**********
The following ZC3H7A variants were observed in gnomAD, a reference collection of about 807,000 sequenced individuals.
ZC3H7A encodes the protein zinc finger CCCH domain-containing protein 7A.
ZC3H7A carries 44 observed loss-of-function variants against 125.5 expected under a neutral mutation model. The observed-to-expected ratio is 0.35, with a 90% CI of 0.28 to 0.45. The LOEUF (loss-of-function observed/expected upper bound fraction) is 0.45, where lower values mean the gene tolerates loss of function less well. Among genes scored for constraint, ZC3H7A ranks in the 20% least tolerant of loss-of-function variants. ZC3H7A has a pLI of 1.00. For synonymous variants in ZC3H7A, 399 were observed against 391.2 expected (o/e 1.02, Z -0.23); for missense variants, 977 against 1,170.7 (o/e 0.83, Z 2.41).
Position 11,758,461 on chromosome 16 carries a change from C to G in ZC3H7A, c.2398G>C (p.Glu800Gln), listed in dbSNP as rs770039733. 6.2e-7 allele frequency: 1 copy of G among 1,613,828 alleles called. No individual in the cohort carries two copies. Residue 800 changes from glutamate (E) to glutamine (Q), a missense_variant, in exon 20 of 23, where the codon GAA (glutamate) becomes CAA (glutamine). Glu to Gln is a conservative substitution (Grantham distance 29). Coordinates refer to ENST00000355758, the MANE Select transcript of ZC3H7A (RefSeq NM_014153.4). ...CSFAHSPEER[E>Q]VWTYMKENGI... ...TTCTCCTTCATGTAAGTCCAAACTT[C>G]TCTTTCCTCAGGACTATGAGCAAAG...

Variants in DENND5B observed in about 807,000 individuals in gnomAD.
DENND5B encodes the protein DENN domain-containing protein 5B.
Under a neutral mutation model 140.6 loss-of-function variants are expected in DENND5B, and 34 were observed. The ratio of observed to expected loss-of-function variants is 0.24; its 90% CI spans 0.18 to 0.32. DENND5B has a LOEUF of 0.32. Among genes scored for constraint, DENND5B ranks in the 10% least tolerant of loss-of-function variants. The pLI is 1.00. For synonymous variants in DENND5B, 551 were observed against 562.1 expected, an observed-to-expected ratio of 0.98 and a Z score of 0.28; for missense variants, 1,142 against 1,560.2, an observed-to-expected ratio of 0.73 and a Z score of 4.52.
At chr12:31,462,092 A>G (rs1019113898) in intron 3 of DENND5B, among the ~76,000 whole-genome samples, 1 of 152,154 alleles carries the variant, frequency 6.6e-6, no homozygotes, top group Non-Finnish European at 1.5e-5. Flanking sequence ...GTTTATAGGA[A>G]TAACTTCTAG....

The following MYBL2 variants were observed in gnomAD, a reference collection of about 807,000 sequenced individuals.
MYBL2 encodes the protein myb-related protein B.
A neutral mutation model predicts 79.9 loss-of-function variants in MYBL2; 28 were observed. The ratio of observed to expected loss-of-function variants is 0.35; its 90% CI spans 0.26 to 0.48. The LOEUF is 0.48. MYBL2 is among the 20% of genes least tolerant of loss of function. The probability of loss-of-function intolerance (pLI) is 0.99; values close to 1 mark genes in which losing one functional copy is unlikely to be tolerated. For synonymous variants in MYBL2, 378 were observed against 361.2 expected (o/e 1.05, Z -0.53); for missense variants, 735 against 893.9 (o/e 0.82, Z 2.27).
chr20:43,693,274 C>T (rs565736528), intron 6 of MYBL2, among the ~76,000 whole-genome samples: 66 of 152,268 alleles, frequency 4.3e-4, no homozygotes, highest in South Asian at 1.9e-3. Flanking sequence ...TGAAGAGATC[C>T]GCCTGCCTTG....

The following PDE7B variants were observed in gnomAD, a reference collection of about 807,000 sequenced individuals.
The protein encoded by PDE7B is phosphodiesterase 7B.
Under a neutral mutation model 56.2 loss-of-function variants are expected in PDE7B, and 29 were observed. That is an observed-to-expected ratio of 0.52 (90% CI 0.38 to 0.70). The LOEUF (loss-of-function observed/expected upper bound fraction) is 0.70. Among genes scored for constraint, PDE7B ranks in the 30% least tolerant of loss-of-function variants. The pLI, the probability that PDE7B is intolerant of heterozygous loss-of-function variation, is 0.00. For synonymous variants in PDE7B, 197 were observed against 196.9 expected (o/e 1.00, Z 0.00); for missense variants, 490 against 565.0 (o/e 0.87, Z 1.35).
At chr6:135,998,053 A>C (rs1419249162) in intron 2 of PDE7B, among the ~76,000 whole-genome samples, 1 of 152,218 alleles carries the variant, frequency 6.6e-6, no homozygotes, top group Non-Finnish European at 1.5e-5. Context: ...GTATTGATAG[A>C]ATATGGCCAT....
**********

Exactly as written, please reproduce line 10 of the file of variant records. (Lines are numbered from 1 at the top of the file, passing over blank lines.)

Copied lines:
MYBL2 encodes the protein myb-related protein B.